Old Barn Wood Painting

While we #StayatHome, my family has resolved to learn something new or perfect a skill. My husband is pursuing further general aviation certifications; my daughters (home from college–so much for that empty-nesting!) are working on their cooking and baking skills, & adding to their workout goals (via Zoom with friends, of course!). As for me, I chose Oil Painting, in honor of my Dad, who painted beautifully. Sadly, we lost most of his paintings two years ago when my mom’s house was consumed in the California wildfires. Oh, the irreplaceable things..but my Dad’s paintings were the hardest loss for me.

So, goal in mind, luckily for me, the estimable MissMustardSeed was holding an online beginning oil painting class last week. It was a very informative class, hooking me immediately. I’ve always painted in acrylics, but I just love the silkiness and layering of oils and the flexibility of the long drying and working time. The class is posted on Facebook if you want to take a look…. I really admire her style and ease in painting. Hope I can get there one day!

Anyway, I needed something to practice on, ran out of canvasses, Hobby lobby & Michael’s are closed, and I am way too impatient to wait for Amazon (though some are on-order!) — so turned to these barn wood “coasters” I bought from a vendor awhile back.

I’m so glad I did….They have great texture and patina even before paint. I got started with the blues and white on my palette, adding the beginning of a sky–the barn wood created so much dimension already!

I’ve always loved the texture, colors, & romance of old barns; my favorite of my Dad’s paintings was of an old red one, so that was my inspiration today, though not red, ’cause I don’t have any, because, see above!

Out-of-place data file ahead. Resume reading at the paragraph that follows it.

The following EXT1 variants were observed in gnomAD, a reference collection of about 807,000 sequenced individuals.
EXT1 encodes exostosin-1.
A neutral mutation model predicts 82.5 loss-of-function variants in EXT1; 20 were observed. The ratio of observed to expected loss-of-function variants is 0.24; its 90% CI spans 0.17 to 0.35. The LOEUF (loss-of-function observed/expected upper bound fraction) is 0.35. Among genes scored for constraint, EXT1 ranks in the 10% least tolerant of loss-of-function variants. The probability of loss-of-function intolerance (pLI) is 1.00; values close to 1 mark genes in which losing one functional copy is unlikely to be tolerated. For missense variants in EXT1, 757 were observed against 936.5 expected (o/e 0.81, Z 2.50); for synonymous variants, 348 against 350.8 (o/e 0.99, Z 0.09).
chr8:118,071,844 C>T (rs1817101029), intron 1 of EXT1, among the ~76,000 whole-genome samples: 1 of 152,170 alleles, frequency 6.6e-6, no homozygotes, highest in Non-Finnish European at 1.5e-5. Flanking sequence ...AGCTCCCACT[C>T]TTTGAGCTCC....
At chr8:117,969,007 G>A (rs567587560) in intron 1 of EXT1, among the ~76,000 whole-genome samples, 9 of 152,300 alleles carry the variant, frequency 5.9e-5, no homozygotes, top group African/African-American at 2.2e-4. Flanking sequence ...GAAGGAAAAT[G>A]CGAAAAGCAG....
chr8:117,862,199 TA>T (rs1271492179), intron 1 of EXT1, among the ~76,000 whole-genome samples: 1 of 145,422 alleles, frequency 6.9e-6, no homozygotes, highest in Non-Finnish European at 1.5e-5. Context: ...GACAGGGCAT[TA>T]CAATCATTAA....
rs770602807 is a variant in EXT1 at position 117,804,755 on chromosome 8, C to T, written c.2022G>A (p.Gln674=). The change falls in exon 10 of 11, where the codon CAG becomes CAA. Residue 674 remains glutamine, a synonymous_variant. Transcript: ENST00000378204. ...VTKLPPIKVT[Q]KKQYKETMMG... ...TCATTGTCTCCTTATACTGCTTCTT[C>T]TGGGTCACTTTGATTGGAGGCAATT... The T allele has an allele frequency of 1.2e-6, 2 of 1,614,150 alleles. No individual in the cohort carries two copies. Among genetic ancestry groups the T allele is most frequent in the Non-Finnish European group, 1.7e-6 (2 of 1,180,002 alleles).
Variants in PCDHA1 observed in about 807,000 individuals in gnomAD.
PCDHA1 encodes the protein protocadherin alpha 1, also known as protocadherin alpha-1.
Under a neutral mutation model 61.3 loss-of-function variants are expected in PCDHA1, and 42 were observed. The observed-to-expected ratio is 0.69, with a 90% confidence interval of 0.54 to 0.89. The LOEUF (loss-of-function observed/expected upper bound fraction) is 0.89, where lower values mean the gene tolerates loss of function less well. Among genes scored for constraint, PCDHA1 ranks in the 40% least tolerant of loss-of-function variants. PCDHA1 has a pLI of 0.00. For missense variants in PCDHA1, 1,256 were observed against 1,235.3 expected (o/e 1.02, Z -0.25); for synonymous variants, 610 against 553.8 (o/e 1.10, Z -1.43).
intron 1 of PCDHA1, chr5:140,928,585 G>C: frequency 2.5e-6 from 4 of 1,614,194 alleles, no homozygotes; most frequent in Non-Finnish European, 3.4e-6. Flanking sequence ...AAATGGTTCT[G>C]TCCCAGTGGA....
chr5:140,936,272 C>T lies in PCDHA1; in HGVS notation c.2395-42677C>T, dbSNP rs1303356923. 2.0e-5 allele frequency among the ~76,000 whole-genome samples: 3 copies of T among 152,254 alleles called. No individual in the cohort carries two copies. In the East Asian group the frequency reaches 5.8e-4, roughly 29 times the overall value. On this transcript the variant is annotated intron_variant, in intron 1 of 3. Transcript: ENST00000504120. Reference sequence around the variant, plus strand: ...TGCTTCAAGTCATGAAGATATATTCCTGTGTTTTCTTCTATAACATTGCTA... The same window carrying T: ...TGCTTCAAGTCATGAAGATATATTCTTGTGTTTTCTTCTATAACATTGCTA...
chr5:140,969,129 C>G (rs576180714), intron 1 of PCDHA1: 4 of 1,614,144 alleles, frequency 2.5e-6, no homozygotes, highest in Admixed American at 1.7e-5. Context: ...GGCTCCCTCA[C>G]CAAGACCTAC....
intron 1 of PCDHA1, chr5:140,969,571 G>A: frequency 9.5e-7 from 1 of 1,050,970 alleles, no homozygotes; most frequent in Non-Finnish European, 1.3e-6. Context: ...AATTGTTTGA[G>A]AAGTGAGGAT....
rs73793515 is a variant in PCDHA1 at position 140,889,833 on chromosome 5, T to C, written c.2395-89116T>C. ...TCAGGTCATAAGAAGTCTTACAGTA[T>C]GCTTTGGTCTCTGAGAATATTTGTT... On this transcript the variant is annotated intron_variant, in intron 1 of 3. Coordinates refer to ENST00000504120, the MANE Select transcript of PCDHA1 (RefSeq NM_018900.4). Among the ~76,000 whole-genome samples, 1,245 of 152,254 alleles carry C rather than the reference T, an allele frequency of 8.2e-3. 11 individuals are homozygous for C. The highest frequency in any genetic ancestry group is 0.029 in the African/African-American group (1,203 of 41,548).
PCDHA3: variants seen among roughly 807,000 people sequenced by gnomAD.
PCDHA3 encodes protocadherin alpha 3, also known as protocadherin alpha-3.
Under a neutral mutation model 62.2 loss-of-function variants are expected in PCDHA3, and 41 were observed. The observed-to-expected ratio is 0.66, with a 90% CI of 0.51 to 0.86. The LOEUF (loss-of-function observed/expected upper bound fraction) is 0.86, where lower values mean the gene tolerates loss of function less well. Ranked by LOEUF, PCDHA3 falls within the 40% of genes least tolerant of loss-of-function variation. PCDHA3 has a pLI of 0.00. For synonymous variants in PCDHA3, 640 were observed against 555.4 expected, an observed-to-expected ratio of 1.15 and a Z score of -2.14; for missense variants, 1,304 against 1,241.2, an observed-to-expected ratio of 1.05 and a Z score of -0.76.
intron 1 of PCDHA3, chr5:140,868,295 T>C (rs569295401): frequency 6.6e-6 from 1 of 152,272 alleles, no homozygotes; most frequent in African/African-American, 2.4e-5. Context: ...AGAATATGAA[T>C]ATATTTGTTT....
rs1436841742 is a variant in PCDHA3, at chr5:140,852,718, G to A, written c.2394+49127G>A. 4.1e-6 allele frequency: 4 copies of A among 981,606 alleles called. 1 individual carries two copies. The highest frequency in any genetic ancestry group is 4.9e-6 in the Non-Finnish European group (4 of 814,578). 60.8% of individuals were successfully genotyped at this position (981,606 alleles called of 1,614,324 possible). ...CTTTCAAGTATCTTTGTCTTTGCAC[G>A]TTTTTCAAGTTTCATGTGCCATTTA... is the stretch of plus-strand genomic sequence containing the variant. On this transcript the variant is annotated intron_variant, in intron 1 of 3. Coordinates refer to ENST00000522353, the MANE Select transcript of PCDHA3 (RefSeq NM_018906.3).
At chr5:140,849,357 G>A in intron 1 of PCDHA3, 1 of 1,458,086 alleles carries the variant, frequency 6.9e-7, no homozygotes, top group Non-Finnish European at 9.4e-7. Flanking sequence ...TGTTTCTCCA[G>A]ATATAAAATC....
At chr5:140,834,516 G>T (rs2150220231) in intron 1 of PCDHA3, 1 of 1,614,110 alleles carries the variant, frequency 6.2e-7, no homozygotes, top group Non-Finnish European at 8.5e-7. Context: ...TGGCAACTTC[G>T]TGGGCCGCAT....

HOWEVER, my rustic barn just took shape, the undulations of the wood created natural painted “barn wood” texture, and I was able to use the “bump” in the middle of this square to push out the barn’s covered shed. 

 

I should say that using the paint was quite different here than using it on the easy, smooth surface of a canvas. It goes on sparingly, and “grabs” the raised texture of the wood, doing a lot of the work of building shading for me. I love the casual, imperfect shapes–it forces my Type A “wanna be perfect” tendency way into the background and forced me to just “go with it.” It was important to mix colors that were lighter than I might have chosen for base layers, as the wood is already dark–and shadowing was almost automatic.

I finally was able to add some additional detailing and a small garden and walkway drawing the eye up to the barn.

The garden was the hardest, as the brushes just didn’t want to create smooth stalks and willowy vines as I was seeing my mind’s eye…so I once again “went with it” and have to say, the rough indications of a garden pair beautifully with the rough barn structure that is the focus. I loved how it turned out! I have five more of these to play with until Amazon gets here with canvasses…but truthfully, I think I’m going to be in search of more barn wood when all this is over.